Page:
Born a cowboy in waiting, Frank James Cooper first saw daylight on May 7, 1901, in Helena, Montana. His parents, Charles and Alice Cooper, emigrants from Great Britain, purchased the 7 Bar 9 cattle ranch. Frank Cooper went on to become a successful attorney and later a Montana Supreme Court jurist. In 1910, Alice Cooper, wanting her sons to receive a better education than that offered at the time in Montana, took Frank and his older brother Arthur, to her native England where they attended Dunstable Grammar School in Bedfordshire. With war looming in Europe, they returned to Montana two years later.
|Send us your stories...|
March 13-16, 2013 Western Art Week Great Falls, MT
March 22 - May 5, 2013 Cowgirl Up! Wickenburg, AZ
April 10-13, 2013 Spirit of the West Santa Ynez, CA
April 18-21, 2013 Santa Clarita Cowboy Festival Santa Clarita, CA
May 3-5, 2013 3rd Annual Genoa Cowboy Festival Genoa, NV
May 15, 2013 Buffalo Gals Luncheon Cody, WY
June 21-23, 2013 Brian Lebel's Denver Old West Show & Auction Denver, CO
July 1-7, 2013 World's Oldest Rodeo (126 years) Prescott, AZ
July 12-14, 2013 3rd Annual Will James Roundup Hardin, MT
July 26-28, 2013 Julyamsh Pow Wow Post Falls, ID
August 15-18, 2013 28th Annual Montana Cowboy Poetry Gathering Lewis, MT
September 21, 2013 8th Annual Fall Gathering Prescott, AZ
Send event submissions to SmokeSignals@highnoon.com
Don't Fret About the Future - Invest in the Past!
Smoke Signals blows your way from High Noon Western Americana of Los Angeles, CA, producers of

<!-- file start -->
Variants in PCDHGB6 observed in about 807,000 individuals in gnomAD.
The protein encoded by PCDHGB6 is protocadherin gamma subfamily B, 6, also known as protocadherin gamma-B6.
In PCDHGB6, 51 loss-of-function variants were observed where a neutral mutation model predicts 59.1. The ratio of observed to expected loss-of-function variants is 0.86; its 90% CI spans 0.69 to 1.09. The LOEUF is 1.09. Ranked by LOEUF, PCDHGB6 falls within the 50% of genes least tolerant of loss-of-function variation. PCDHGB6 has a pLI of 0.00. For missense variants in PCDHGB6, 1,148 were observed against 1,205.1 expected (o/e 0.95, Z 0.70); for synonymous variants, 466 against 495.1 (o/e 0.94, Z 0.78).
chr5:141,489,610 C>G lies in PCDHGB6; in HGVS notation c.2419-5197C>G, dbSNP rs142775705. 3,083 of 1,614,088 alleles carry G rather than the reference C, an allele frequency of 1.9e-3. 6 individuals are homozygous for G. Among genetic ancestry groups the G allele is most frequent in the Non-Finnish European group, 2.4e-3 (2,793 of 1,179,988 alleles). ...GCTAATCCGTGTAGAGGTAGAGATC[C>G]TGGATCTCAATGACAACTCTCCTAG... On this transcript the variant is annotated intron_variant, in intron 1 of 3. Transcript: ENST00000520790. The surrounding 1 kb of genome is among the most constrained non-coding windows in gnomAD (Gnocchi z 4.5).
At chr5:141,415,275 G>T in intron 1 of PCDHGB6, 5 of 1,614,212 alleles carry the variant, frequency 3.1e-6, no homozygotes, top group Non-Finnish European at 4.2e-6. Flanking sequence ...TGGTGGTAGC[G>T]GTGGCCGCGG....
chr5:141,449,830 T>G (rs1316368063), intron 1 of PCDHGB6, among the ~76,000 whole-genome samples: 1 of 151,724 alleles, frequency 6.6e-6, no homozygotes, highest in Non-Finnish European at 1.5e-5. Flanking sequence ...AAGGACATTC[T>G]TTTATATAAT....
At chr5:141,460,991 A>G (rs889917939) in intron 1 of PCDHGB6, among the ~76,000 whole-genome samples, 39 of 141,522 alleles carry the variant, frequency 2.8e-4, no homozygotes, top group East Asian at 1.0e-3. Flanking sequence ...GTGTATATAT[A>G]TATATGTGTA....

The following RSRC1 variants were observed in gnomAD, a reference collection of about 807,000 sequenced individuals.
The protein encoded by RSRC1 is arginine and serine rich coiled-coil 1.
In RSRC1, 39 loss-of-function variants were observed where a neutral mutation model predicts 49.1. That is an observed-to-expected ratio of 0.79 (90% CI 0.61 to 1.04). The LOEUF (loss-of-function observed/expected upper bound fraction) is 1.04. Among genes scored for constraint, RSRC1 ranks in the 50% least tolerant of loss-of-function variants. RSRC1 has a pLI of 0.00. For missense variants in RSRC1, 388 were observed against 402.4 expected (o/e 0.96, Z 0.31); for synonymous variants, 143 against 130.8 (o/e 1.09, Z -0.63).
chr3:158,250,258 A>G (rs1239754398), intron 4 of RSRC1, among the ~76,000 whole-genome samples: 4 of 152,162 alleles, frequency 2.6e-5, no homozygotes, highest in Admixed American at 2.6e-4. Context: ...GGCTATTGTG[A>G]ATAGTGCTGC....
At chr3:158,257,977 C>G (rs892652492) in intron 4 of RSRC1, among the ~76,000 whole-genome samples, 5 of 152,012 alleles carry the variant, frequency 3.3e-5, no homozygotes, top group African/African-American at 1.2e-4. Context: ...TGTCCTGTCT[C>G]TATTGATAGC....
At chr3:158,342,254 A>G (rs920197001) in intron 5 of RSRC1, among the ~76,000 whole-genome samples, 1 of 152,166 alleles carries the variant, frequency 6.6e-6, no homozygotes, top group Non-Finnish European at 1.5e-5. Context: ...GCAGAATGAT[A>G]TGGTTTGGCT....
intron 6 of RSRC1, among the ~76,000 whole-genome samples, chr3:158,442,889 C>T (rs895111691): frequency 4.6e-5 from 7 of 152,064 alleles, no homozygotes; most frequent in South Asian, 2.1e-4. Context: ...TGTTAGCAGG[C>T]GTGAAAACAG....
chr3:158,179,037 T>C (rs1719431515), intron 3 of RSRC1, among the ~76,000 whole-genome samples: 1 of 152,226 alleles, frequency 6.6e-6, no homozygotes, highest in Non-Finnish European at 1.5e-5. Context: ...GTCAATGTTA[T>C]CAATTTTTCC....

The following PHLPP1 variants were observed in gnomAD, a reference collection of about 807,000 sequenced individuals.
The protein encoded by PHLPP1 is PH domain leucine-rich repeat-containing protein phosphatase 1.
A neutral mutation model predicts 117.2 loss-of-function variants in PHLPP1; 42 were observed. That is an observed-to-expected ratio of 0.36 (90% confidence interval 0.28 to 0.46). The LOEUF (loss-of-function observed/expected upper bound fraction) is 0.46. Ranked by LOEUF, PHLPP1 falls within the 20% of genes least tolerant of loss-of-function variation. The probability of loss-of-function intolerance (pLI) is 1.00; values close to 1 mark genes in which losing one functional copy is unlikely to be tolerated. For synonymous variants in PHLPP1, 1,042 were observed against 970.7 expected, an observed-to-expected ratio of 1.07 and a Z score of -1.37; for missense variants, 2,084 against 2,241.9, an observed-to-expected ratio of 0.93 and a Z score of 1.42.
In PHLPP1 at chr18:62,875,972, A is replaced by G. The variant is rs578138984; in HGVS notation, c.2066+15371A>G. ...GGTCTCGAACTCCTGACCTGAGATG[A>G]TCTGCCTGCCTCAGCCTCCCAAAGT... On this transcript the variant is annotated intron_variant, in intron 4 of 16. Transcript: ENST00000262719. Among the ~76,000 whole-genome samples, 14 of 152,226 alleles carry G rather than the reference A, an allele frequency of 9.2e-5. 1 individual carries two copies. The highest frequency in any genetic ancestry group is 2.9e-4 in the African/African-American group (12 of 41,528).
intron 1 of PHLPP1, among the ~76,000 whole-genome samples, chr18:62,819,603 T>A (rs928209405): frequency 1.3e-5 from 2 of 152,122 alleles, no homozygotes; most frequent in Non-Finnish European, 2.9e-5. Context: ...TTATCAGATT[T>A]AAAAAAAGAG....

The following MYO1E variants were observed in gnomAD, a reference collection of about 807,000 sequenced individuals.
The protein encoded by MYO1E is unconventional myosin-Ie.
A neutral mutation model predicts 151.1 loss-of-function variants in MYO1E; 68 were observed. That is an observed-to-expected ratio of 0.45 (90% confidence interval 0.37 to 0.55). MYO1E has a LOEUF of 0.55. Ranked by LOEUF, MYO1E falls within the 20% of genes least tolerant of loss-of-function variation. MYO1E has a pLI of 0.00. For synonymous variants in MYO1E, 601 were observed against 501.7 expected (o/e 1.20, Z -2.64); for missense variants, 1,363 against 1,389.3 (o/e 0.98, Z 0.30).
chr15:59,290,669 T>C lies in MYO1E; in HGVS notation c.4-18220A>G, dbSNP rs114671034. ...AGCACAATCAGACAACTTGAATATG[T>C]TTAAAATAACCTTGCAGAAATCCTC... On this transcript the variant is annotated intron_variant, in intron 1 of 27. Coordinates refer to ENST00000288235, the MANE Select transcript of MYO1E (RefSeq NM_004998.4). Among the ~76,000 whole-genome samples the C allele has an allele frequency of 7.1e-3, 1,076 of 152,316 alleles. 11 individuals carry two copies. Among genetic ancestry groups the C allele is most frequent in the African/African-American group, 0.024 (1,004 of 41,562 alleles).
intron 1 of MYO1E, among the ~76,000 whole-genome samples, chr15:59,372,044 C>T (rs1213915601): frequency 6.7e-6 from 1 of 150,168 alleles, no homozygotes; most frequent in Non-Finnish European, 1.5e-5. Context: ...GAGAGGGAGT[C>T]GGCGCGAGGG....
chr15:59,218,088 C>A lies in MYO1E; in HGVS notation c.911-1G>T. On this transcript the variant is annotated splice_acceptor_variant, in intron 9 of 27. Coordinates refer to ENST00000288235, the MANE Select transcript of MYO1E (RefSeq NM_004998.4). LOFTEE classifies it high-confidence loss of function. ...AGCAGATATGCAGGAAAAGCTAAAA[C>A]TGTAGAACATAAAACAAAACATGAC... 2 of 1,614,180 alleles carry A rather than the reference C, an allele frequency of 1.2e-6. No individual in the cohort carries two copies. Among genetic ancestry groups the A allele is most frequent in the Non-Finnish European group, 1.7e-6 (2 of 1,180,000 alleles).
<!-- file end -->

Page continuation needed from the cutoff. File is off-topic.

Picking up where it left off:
the High Noon Antique Show & Auction held each January in Mesa (Phoenix), Arizona since 1991.
Our magazine was founded in 2010 from our desire to share thoughts and facts with and from our High Noon family. We write about what we know (cowboy and Indian artifacts), highlight dealers and collectors, their thoughts and memories. We also love to feed our readers with great recipes. We offer free western music, a look at factoids intrinsic to our interests, give you insight into the newest books and tell you what is going on across the United States.
And hopefully we educate along the way.
Linda Kohn Sherwood, Editor
Send us a Smoke Signal
Smoke Signals is for and about all of the wonderful people in our High Noon family. If you have news you want to share, hot tips on what's going on in the Western Americana world or just a suggestion of something you'd like to see us cover, send us an email at email@example.com
Chief Publisher: High Noon Western Americana
Chief Editor: Linda Kohn Sherwood
Chief Art Director: Robin Ireland, Ireland Graphic Design
Chief Graphic Designer: Curtis Hill, Art Direction Services
Chief Writer: Jayne Skeff, JSLA Media Solutions